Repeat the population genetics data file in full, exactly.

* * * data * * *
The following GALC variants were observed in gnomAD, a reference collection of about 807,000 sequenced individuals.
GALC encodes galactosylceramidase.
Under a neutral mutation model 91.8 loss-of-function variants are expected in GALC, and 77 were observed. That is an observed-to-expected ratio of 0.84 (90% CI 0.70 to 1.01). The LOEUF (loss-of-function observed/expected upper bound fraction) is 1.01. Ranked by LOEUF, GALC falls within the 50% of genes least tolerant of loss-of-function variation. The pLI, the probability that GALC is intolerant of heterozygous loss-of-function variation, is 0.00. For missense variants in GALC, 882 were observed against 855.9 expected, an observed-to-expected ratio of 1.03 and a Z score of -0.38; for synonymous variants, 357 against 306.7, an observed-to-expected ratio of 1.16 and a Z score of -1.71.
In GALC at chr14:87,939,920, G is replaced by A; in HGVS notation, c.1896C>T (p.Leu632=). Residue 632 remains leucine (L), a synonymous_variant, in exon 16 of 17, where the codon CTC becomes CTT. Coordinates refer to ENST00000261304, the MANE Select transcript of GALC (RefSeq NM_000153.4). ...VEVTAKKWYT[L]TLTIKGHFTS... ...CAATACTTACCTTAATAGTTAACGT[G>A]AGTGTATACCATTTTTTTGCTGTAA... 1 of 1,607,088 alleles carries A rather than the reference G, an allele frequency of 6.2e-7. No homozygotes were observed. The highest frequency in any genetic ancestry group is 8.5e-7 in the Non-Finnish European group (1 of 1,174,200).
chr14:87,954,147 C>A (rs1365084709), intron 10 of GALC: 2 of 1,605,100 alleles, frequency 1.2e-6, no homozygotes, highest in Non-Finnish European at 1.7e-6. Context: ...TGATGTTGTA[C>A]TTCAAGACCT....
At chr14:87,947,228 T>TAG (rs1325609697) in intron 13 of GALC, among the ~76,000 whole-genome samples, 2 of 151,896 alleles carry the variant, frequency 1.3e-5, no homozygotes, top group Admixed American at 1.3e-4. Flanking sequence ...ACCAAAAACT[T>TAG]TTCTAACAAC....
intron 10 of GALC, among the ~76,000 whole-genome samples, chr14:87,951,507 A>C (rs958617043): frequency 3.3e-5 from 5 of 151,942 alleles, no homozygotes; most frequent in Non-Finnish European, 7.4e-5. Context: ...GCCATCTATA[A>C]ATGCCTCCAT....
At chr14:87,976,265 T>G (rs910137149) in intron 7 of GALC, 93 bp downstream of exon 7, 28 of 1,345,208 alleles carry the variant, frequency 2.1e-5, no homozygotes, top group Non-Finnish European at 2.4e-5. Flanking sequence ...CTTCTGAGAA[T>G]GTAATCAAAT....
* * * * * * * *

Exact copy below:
The following GALC variants were observed in gnomAD, a reference collection of about 807,000 sequenced individuals.
GALC encodes galactosylceramidase.
Under a neutral mutation model 91.8 loss-of-function variants are expected in GALC, and 77 were observed. That is an observed-to-expected ratio of 0.84 (90% CI 0.70 to 1.01). The LOEUF (loss-of-function observed/expected upper bound fraction) is 1.01. Ranked by LOEUF, GALC falls within the 50% of genes least tolerant of loss-of-function variation. The pLI, the probability that GALC is intolerant of heterozygous loss-of-function variation, is 0.00. For missense variants in GALC, 882 were observed against 855.9 expected, an observed-to-expected ratio of 1.03 and a Z score of -0.38; for synonymous variants, 357 against 306.7, an observed-to-expected ratio of 1.16 and a Z score of -1.71.
In GALC at chr14:87,939,920, G is replaced by A; in HGVS notation, c.1896C>T (p.Leu632=). Residue 632 remains leucine (L), a synonymous_variant, in exon 16 of 17, where the codon CTC becomes CTT. Coordinates refer to ENST00000261304, the MANE Select transcript of GALC (RefSeq NM_000153.4). ...VEVTAKKWYT[L]TLTIKGHFTS... ...CAATACTTACCTTAATAGTTAACGT[G>A]AGTGTATACCATTTTTTTGCTGTAA... 1 of 1,607,088 alleles carries A rather than the reference G, an allele frequency of 6.2e-7. No homozygotes were observed. The highest frequency in any genetic ancestry group is 8.5e-7 in the Non-Finnish European group (1 of 1,174,200).
chr14:87,954,147 C>A (rs1365084709), intron 10 of GALC: 2 of 1,605,100 alleles, frequency 1.2e-6, no homozygotes, highest in Non-Finnish European at 1.7e-6. Context: ...TGATGTTGTA[C>A]TTCAAGACCT....
At chr14:87,947,228 T>TAG (rs1325609697) in intron 13 of GALC, among the ~76,000 whole-genome samples, 2 of 151,896 alleles carry the variant, frequency 1.3e-5, no homozygotes, top group Admixed American at 1.3e-4. Flanking sequence ...ACCAAAAACT[T>TAG]TTCTAACAAC....
intron 10 of GALC, among the ~76,000 whole-genome samples, chr14:87,951,507 A>C (rs958617043): frequency 3.3e-5 from 5 of 151,942 alleles, no homozygotes; most frequent in Non-Finnish European, 7.4e-5. Context: ...GCCATCTATA[A>C]ATGCCTCCAT....
At chr14:87,976,265 T>G (rs910137149) in intron 7 of GALC, 93 bp downstream of exon 7, 28 of 1,345,208 alleles carry the variant, frequency 2.1e-5, no homozygotes, top group Non-Finnish European at 2.4e-5. Flanking sequence ...CTTCTGAGAA[T>G]GTAATCAAAT....